Wednesday, April 7, 2021

A WOMAN LIKE EVE (1979) (Cult Epics Blu-ray Review)

A WOMAN LIKE EVE (1979)

Label: Cult Epics
Rating: Unrated 
Region: Region Free
Duration: 103 Minutes
Video: 1080p HD Widescreen (1.66:1)
Audio: Dutch LPCM 2.0 Mono; Dutch DTS-HD MA 2.0 Mono with Optional English Subtitles
Director: Nouchka van Brakel
Cast: Monique van de Ven, Maria Schneider, Peter Faber

In the late-70's LGBT melodrama A Woman Like Eve (1979) housewife Eve (Monique van de Ven, Amsterdamned) feels trapped in her marriage to husband Ad (Peter Faber) with whom she has two small children. Her unhappiness comes to a head when she suffers a breakdown at a family get together, after which her husband surprises her with a holiday to Southern France with her girlfriend Sonja (Marijke Merckens). It's there on a beach that Eve meets a young French woman named Liliane (Last Tango In Paris), a feminist folksinger who lives in a hippie commune, who opens Eve's eyes to not only 
feminist ideas but the potential of a woman to love another woman. 

When Eve returns home she is well-rested but not settled, she yearns for more personal fulfillment in her life. To her husband's ire she begins to make time for herself, learning French and organizing a woman's group that meets weekly at her apartment. While later attending a feminist festival she is reunited with a visiting Liliane who is performing at the festival. Eve surrenders to the attraction she feel for Liliane, in process fracturing her marriage, and then faced with the prospect of losing her kids in a bitter divorce proceeding.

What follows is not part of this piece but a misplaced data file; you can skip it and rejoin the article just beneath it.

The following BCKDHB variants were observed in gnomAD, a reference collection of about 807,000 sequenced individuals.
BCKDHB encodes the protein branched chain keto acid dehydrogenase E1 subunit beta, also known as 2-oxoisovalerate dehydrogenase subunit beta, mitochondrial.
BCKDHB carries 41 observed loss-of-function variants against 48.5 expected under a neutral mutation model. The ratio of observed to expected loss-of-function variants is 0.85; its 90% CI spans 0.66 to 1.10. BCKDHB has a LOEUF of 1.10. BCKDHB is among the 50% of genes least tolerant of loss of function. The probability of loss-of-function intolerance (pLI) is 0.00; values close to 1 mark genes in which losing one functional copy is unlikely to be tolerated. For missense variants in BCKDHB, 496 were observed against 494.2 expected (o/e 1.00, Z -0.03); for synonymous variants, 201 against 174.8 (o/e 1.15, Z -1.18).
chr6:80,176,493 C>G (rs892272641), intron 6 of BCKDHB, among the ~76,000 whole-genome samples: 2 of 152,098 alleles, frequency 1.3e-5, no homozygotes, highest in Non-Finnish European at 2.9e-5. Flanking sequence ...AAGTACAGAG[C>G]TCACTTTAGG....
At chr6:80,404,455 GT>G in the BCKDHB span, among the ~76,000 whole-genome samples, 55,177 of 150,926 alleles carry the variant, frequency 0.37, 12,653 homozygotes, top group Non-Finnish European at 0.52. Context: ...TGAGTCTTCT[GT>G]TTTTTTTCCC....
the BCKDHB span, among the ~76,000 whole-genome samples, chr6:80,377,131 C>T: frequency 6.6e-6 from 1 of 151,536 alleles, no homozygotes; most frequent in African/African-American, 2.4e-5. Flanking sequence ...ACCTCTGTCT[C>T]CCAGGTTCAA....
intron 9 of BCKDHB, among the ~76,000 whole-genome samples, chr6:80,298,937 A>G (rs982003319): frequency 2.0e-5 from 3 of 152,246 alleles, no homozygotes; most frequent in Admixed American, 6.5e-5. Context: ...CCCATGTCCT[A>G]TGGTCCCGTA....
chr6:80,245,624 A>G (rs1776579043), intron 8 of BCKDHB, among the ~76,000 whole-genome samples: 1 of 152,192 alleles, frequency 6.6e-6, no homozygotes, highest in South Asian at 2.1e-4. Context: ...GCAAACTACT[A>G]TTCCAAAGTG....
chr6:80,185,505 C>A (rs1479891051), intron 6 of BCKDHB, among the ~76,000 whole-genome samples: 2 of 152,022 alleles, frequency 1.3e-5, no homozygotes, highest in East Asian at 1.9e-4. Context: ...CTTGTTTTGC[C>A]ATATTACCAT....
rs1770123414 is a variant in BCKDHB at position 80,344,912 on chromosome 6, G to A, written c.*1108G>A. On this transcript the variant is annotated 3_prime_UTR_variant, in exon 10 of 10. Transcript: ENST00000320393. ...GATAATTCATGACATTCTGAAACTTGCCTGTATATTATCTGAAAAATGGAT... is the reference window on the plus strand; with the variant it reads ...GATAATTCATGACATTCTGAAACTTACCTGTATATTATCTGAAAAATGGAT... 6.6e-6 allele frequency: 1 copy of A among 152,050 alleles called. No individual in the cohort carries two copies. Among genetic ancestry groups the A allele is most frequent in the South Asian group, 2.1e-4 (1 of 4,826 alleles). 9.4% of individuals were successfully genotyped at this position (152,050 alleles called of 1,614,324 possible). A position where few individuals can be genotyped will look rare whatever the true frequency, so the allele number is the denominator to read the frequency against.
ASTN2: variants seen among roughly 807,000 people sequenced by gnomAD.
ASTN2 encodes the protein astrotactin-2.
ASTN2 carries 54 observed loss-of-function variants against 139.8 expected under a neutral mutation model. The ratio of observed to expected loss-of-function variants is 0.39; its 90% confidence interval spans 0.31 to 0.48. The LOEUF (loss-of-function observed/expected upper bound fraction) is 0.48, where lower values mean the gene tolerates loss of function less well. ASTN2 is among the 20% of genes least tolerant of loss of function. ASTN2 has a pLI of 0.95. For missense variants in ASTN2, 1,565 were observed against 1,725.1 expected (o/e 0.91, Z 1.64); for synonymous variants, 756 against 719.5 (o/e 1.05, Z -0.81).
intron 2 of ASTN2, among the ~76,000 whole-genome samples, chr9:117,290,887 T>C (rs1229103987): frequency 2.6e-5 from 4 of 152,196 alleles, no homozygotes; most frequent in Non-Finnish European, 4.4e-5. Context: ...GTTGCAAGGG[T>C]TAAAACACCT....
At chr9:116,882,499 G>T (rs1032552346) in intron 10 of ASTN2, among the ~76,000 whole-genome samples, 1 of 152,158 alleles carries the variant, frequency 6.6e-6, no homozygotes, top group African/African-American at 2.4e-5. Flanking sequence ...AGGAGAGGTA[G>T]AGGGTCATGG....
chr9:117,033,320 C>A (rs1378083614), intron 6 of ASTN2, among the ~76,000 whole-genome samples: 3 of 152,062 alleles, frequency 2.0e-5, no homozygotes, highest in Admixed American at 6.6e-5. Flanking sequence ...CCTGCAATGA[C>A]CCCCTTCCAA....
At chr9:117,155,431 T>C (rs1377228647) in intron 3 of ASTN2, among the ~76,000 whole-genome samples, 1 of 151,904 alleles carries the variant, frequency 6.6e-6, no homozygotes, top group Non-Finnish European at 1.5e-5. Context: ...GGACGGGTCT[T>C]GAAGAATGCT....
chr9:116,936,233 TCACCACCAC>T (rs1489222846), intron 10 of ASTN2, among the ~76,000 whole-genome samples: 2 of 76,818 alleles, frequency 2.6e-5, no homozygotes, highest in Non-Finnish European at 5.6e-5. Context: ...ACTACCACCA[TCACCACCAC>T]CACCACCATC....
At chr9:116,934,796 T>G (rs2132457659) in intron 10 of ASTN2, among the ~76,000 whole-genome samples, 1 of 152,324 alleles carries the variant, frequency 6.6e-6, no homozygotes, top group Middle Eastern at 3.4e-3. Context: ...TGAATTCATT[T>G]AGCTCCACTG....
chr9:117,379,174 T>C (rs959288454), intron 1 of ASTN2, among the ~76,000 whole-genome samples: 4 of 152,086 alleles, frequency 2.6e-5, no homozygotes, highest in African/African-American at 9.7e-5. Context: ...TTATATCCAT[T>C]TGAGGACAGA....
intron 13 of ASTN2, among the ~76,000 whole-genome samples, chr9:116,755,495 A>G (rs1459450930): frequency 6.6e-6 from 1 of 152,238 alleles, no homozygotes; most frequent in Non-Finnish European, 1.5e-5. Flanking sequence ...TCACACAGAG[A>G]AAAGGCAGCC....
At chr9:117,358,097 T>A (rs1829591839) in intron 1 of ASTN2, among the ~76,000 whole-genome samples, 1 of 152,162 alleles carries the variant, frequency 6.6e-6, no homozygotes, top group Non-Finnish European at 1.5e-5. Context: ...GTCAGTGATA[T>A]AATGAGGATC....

A Woman Like Eve (1979) is more a drama about a woman leaving her husband more than a erotic film, and if you're coming into it expecting Emmanuelle (1974) or some sort of  erotic male-fantasy you might be disappointed. The film has a solid dramatic core and a well-directed by Nouchka van Brakel (The Debut), offering a woman's sensibility in lieu of a male gaze. The sex we see is quite chaste, it's not erotic in the standard fashion, it's na├»ve and charming more than anything, as these women find love together, while also dealing with a crumbling marriage and the increasingly hostile divorce and custody battle.

I thought the film did good work threading the needle of an unhappy housewife exploring a new love while her marriage crumbles, initially painting neither Eve nor her husband as villains, just two people who are no longer in love and experiencing a difficult transition. Although Ad insists he is still quite in love with Eve he blows his stack a few times, airing the couple's dirty laundry at a family get together, and saying very unkind things about his former wife's sexual orientation and how that makes her unfit to be a mother.